Confederate monument at Hollywood Forever Cemetery removed

- A Confederate soldiers memorial, located in the private Hollywood Forever cemetery, has come down.

It was erected back in 1925 and has stood there ever since. It sits on a plot of land surrounded by close to 100 Civil War Confederate soldiers who moved to Southern California after the war. The United Daughters of the Confederacy purchased the grave plots, place the monument in the center and deeded the plots to individual veterans.

The monument, which reads "In Memory of the Confederate States Army who have died or may die on the Pacific Coast" was recently the subject of controversy.  In light of the recent protests and violence in our nation surrounding confederate monuments, such as the clashes in Charlottesville, Virginia and the tearing down of the Confederate Soldiers Monument near the old Durham County Courthouse in North Carolina, dueling petitions targeted the confederate solders monument at the Hollywood Forever Cemetery.

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A Change.org petition called for the removal of the monument claiming that, "...history has looked back and determined the Confederacy's racist and bigoted actions as traitorous, there is no reason to celebrate them."

The Daughters of the Confederacy fired back with their own petition saying that, “Confederate monuments are under attack…and the purge won't end until every Monument from all American wars are gone. Thomas Jefferson and George Washington were both slave owners and their monuments will be next.”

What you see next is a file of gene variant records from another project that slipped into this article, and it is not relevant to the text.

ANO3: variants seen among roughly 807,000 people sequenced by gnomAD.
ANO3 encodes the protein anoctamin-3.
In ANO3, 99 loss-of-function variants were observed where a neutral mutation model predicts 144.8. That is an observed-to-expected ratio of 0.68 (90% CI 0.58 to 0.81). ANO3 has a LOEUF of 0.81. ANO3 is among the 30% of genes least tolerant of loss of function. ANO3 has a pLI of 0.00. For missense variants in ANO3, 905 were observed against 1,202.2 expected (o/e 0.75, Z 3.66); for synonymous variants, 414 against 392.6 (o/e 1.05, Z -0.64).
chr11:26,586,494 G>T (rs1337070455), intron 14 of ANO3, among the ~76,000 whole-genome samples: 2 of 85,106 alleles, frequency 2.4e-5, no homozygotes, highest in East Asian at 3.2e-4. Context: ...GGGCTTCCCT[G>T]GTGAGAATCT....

Tyler Cassity, the President of Hollywood Forever, said the decision to remove the monument is not up to him. “I have spoken with our attorneys…we don't have the legal right to take someones burial memorial down, these are graves, these are owned by these individuals.

But then, late Tuesday afternoon, The Daughters of the Confederacy had a change of heart and informed Hollywood Forever that they would have the monument removed "within the next 24 hours."

It was removed Wednesday morning.

Los Angeles Mayor Eric Garcetti also weighed in to the controversy saying, 'Public confederate memorials i think have no place in our nation any more than you would put up a memorial to other acts of hate or division in this country. People can learn that history but they don’t have to lionize it. Private property owners have the right to put things where they are but I would encourage them to use their judgment.”

Hollywood Forever would not say where the memorial is being moved to or how the Daughters of the Confederacy came to their decision. The cost of removing the monument will be borne by Hollywood Forever.

By Logan Byrnes

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